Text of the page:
Chicago Venture Magazine is a publication of Nathaniel Press www.ChicagoVentureMagazine.com Comments and re-posts in full or in part are welcomed and encouraged if accompanied by attribution and a web link. This is not investment advice. We do not guarantee accuracy. Please perform your own due diligence. It’s not our fault if you lose money..
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CONTROLLED DESIGN MANAGEMENT – Part 3

By Moises J Goldman & John Jonelis

Our business culture has evolved and attitudes have re-aligned.  In sharp contrast to the past, creative employees have finally gained the acceptance and respect they deserve for the crucial role they play in organizational success.  The business climate is faster-paced, than ever—rapidly changing, and multicultural.  Staunchly individualistic leaders backed by a computer savvy workforce characterize our high tech companies, and increasingly, our entrepreneurial ventures.  It is important to appreciate that sequential charts of managerial jargon are no longer well received.  Such things impose uniformity, and uniformity is anathema to today’s creative workforce.  Under these circumstances, it is extremely challenging to manage product design using yesterday’s managerial paradigms.

This is the third of four installments.  We’ve explored the history and current state of modern management philosophy.  Now, we will introduce an entirely new mode of thought—the Controlled Design Management Model.

To be meaningful in today’s culture, any shift in management strategy must meet certain critical standards.  It must be intuitive, adaptable, focused, practical, and measurable.  These are the goals we will set out to achieve.

  • Intuitive and Adaptable – No rigid chart or schematic to implement.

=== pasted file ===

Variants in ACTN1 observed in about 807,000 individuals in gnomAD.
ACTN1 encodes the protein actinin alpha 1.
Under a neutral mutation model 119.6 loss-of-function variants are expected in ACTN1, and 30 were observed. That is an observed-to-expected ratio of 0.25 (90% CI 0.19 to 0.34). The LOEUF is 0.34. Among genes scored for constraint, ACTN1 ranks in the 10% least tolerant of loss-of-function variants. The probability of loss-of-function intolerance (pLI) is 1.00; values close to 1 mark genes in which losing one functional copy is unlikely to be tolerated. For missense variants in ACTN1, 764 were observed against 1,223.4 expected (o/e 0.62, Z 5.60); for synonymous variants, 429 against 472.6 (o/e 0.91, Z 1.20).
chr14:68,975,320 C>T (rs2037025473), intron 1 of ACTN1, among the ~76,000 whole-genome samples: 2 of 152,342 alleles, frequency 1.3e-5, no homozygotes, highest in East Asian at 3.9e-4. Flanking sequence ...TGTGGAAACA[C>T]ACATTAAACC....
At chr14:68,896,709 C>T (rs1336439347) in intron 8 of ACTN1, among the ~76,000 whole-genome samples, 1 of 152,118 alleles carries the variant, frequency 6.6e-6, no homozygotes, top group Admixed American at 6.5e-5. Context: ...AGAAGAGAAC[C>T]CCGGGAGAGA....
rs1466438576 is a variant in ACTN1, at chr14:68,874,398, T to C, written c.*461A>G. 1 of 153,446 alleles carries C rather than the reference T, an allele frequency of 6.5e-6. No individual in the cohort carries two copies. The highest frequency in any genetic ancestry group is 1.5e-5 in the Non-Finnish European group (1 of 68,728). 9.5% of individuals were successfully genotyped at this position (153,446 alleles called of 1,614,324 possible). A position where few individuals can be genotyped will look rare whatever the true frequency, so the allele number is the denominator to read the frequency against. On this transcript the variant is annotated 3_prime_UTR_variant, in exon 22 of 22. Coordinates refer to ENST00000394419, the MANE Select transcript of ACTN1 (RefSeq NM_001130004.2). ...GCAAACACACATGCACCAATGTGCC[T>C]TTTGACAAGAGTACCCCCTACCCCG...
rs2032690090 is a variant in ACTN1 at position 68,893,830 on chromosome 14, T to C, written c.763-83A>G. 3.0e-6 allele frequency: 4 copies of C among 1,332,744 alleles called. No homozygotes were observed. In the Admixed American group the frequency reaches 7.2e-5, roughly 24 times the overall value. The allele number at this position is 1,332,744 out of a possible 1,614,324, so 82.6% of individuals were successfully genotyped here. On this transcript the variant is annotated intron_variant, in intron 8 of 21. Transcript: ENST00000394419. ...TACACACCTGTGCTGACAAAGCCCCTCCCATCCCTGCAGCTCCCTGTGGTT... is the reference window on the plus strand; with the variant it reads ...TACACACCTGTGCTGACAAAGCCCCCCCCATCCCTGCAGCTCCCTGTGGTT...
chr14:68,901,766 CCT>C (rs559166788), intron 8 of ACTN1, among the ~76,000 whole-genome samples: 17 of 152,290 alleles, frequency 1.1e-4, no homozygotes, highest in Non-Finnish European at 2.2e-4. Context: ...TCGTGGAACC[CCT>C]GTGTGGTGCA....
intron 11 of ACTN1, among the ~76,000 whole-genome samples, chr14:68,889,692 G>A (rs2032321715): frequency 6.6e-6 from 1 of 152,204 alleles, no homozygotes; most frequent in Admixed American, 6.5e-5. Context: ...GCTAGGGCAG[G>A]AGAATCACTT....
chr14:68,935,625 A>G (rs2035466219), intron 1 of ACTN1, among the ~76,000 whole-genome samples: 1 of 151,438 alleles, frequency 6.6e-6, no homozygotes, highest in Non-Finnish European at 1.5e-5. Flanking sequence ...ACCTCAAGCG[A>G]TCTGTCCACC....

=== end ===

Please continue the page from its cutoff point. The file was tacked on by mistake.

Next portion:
• Focused – A practical structure, which zeros in on workflow.
  • Practical – Departments will implement the model themselves.
  • Measurable – Management can track progress.

In order to achieve these goals, we must build self-optimization into the product cycle and to meet that end, we base our new thinking on Control Systems Theory, as used in such places as computerized system controls and inertial navigation systems.  We call it the Controlled Design Management Model.  For the purposes of this paper, we will circumvent the complex mathematics of Control Theory and present the ideas in an intuitive format, reducing key concepts to graphical form.

Controlled System

At its most basic form, a Controlled System is a process by which an objective or Input generates an outcome or Desired Output.  Suppose, for example, that the system is a bicycle factory and we are trying to build a super bicycle.  If the factory, as a system, behaves appropriately, then the factory will output the desired output – a super bicycle.  If, on the other hand, the factory does not operate appropriately, the output will be an undesired outcome – perhaps a tricycle.  It will be useful to reduce this to graphical form.  (See Figures 3a and 3b.)

Figure 3a – Controlled System

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Figure 3b – Uncontrolled System

This may seem rather simplistic, so let’s build on it.  To make the system self-optimizing, we add a feedback loop to the above diagram. (See Figure 4.)  When the desired outcome becomes equal to the desired objective, then the error (or difference between objective and outcome) will be zero.  Else, corrections are made (called “pivoting” in Lean Theory) until we eventually arrive at the MVP or initial product deployment. 

Figure 4 – Simple self-optimizing Controlled System